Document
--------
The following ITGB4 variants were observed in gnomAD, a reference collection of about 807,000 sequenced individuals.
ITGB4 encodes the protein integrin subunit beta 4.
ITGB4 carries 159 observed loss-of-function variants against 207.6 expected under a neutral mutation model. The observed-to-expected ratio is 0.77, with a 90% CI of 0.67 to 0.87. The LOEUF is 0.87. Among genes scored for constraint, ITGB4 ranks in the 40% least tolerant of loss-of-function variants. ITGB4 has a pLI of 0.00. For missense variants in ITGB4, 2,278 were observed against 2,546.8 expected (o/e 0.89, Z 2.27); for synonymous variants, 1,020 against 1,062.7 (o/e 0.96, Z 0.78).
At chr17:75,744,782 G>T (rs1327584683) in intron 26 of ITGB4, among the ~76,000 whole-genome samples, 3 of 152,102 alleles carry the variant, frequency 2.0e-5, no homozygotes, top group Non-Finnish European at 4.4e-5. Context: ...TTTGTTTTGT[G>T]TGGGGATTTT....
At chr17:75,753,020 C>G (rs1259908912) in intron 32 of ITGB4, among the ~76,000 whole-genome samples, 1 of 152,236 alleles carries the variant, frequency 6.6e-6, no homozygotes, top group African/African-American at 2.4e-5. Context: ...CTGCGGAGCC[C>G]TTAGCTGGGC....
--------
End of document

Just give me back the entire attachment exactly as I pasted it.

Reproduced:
The following ITGB4 variants were observed in gnomAD, a reference collection of about 807,000 sequenced individuals.
ITGB4 encodes the protein integrin subunit beta 4.
ITGB4 carries 159 observed loss-of-function variants against 207.6 expected under a neutral mutation model. The observed-to-expected ratio is 0.77, with a 90% CI of 0.67 to 0.87. The LOEUF is 0.87. Among genes scored for constraint, ITGB4 ranks in the 40% least tolerant of loss-of-function variants. ITGB4 has a pLI of 0.00. For missense variants in ITGB4, 2,278 were observed against 2,546.8 expected (o/e 0.89, Z 2.27); for synonymous variants, 1,020 against 1,062.7 (o/e 0.96, Z 0.78).
At chr17:75,744,782 G>T (rs1327584683) in intron 26 of ITGB4, among the ~76,000 whole-genome samples, 3 of 152,102 alleles carry the variant, frequency 2.0e-5, no homozygotes, top group Non-Finnish European at 4.4e-5. Context: ...TTTGTTTTGT[G>T]TGGGGATTTT....
At chr17:75,753,020 C>G (rs1259908912) in intron 32 of ITGB4, among the ~76,000 whole-genome samples, 1 of 152,236 alleles carries the variant, frequency 6.6e-6, no homozygotes, top group African/African-American at 2.4e-5. Context: ...CTGCGGAGCC[C>G]TTAGCTGGGC....